This is from a sermon Dennis Bradley finished today.
Rather than making a final statement before his execution on June 11, 2001, at the federal penitentiary in Terre Haute, Indiana, Timothy McVeigh chose to leave behind a handwritten copy of a poem written in 1875 by English editor and author William Ernest Henley (1849-1903). Here is Henley’s “Invictus” followed by a “Christianized” version of the same.
Our of the night that covers me,
Black as the Pit from pole to pole,
I thank whatever gods may be
For my unconquerable soul.
In the fell clutch of circumstance
I have not winced nor cried aloud.
Under the bludgeonings of chance
My head is bloody, but unbowed.
Beyond this place of wrath and tears
Looms but the horror of the shade,
And yet the menace of the years
Finds, and shall find me, unafraid
It matters not how strait the gate,
How charged with punishments the scroll,
I am the master of my fate;
I am the captain of my soul.
The poem, “Invictus,” celebrates the invincibility of the human spirit. “Invictus” is Latin for “unconquered.” Mr. Henley, a survivor of tuberculosis, would have been horrified that some 125 years later his poem would be quoted by a young man who will go down in infamy for the April, 1995, bombing of a federal courthouse building in Oklahoma City, which left 171 dead, 19 children (three of the dead were unborn babies; a fact which the liberal media continue to ignore).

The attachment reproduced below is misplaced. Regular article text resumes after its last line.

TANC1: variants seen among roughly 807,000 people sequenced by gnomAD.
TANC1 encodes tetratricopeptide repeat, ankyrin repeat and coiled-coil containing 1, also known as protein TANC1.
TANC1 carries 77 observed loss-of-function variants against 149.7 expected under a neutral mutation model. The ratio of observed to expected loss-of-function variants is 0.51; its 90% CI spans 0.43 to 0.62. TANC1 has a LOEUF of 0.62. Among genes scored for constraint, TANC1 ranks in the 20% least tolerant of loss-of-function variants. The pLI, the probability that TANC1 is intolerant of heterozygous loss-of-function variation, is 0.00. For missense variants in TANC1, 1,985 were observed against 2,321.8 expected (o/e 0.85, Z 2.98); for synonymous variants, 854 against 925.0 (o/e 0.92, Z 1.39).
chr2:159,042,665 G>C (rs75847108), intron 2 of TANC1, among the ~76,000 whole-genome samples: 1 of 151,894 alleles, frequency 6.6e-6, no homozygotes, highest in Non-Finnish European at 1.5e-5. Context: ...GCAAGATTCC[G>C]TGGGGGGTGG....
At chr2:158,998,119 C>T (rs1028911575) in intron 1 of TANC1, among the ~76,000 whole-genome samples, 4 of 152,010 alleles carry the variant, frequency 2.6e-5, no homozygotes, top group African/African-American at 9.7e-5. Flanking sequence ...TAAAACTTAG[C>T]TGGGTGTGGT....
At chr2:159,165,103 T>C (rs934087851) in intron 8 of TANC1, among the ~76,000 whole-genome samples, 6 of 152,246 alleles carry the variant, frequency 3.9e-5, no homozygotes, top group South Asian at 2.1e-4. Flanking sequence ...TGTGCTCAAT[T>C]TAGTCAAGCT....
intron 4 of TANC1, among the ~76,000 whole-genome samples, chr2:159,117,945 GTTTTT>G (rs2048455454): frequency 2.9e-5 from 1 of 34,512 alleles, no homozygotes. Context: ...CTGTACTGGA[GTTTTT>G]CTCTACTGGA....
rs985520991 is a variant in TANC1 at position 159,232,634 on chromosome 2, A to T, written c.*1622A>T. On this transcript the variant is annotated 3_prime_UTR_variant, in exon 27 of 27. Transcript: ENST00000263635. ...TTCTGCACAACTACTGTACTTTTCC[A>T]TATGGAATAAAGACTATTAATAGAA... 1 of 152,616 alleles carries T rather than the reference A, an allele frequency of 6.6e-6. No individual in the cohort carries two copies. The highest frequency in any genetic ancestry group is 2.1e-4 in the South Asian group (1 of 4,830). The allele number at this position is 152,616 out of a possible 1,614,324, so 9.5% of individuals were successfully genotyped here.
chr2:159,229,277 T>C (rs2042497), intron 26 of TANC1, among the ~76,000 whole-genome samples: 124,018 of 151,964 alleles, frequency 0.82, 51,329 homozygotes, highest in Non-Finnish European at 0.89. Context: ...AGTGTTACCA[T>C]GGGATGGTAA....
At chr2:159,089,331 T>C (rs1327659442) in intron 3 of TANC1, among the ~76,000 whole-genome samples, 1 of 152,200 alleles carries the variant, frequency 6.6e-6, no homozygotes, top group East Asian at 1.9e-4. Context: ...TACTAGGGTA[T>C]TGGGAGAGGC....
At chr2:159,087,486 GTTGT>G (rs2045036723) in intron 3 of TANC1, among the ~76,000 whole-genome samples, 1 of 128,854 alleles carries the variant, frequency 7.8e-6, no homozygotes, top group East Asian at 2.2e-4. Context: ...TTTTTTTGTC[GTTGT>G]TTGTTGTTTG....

To me the most troubling lines in “Invictus” are those which read:
“I am the master of my fate; I am the captain of my soul.”
So, is it true that we are the masters of our fate? Are we the captains of our souls? Most people in our world, without blinking an eye, would answer, “Absolutely! Of course we are!” To them it is a no-brainer. But the head that is “unbowed” often leaves others bloody in its wake. Just ask the survivors of the victims in Oklahoma City.
In the early part of the 20th Century, Dorothy Day responded to Henley’s manifesto with this poem that she titled, “Conquered”:
Out of the light that dazzles me,
Bright as the sun from pole to pole,
I thank the God I know to be,
For Christ – the Conqueror of my soul.
Since His the sway of circumstance,
I would not wince nor cry aloud.
Under the rule which men call chance,
My head, with joy, is humbly bowed.
Beyond this place of sin and tears,
That Life with Him and His the Aid,
That, spite the menace of the years,
Keeps, and will keep me unafraid.
I have no fear though straight the gate:
He cleared from punishment the scroll.
Christ is the Master of my fate!
Christ is the Captain of my soul!
The greatest need of our souls is to be conquered by the self-sacrificing, sinner-serving Christ and direct our invictus manifesto against evil — especially the evil within us.
15 Be very careful, then, how you live-not as unwise but as wise, 16 making the most of every opportunity, because the days are evil. 17 Therefore do not be foolish, but understand what the Lord’s will is. NIV